I can find my way through my apartment in the dark—curtains drawn, no moonlight, just the red laser glow of the dvd player. I don’t need a map to navigate the front yard or the back, to find my way to the bathroom, or steer through S’s room, befallen toys and all—I know the way. The landscape of the apartment lives in my muscles, in my bones, in my head—it is automatic.
The landscape of my heart has muscle memory too. Although unlike the house, when I find myself on auto-navigator, the alarm sounds. And I jump up and analyze and call my shrink and write about it and meter it all out to be sure that my automatic response is not just a reaction borne from too much hurt and walls and fear and experience. That the course is correct and the best route to take, even if it is not the most automatic of responses. But still, there are days when I wonder: am I headed for that same brick wall?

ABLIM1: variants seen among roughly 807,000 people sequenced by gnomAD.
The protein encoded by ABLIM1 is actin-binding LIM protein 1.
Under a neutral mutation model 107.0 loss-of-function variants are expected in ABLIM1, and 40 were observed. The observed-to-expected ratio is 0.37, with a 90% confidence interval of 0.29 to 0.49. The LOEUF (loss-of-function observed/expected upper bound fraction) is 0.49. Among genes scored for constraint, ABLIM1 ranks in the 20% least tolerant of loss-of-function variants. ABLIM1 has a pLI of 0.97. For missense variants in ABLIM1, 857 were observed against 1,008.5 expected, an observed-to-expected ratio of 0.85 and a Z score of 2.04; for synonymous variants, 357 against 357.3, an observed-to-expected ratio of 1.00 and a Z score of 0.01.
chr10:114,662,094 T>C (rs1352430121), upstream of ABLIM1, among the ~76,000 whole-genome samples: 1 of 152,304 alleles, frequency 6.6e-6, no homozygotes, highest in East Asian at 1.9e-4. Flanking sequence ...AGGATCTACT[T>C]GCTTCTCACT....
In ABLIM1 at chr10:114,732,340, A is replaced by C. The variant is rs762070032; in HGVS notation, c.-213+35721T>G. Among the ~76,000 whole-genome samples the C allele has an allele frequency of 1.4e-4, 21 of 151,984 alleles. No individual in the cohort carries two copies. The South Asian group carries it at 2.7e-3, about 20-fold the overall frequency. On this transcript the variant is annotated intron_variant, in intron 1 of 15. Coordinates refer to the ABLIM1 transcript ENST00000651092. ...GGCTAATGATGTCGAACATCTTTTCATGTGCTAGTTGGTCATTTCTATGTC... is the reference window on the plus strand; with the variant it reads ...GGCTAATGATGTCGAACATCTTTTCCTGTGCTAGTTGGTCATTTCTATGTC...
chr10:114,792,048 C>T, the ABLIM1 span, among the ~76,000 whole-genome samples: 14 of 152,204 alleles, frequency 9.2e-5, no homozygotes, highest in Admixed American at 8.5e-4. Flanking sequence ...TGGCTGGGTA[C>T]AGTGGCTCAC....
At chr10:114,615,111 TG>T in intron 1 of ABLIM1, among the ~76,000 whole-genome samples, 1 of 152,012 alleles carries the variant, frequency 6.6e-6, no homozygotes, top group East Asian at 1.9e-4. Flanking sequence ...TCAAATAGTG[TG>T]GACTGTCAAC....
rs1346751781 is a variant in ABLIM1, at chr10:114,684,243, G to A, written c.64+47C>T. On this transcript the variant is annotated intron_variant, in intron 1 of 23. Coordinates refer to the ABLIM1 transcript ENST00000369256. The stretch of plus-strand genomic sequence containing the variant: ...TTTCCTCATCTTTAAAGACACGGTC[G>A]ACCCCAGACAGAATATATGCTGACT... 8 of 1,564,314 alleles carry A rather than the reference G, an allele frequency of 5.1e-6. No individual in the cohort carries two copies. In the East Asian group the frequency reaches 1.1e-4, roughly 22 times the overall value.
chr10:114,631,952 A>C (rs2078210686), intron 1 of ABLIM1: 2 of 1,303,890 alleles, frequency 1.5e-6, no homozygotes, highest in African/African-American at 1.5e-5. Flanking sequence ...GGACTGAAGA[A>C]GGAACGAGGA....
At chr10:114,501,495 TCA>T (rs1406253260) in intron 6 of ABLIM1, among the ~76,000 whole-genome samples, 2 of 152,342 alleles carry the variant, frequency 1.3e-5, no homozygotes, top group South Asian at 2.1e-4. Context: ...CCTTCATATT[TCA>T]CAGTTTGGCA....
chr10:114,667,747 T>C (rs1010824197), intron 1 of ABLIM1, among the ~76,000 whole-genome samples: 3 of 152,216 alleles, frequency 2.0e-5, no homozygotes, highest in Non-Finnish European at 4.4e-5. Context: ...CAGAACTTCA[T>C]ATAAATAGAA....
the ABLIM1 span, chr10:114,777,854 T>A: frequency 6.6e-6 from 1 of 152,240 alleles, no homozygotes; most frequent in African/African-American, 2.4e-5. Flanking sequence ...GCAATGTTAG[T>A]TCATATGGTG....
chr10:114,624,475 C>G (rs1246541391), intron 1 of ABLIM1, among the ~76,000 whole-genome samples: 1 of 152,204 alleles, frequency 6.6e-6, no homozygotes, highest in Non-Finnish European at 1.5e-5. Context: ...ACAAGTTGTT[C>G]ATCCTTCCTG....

The old, well-loved map of my heart is crumbling—the roads are blurred from the grease of many finger smudges, from over-handling. My heart wants to follow the path, the well-worn path, that I’ve walked so many times. There is comfort in knowing your way—in automatic navigation. It’s easy to see in the dark when my body knows the way—I won’t stumble because I’ve been here before. My feet are the very same feet the have worn this once grassy place into a hard, dirt road.
Maybe it’s time to stomp out a new path. It will be tough. I may need a light. I will stumble. I may even get poison ivy.
Who needs a map?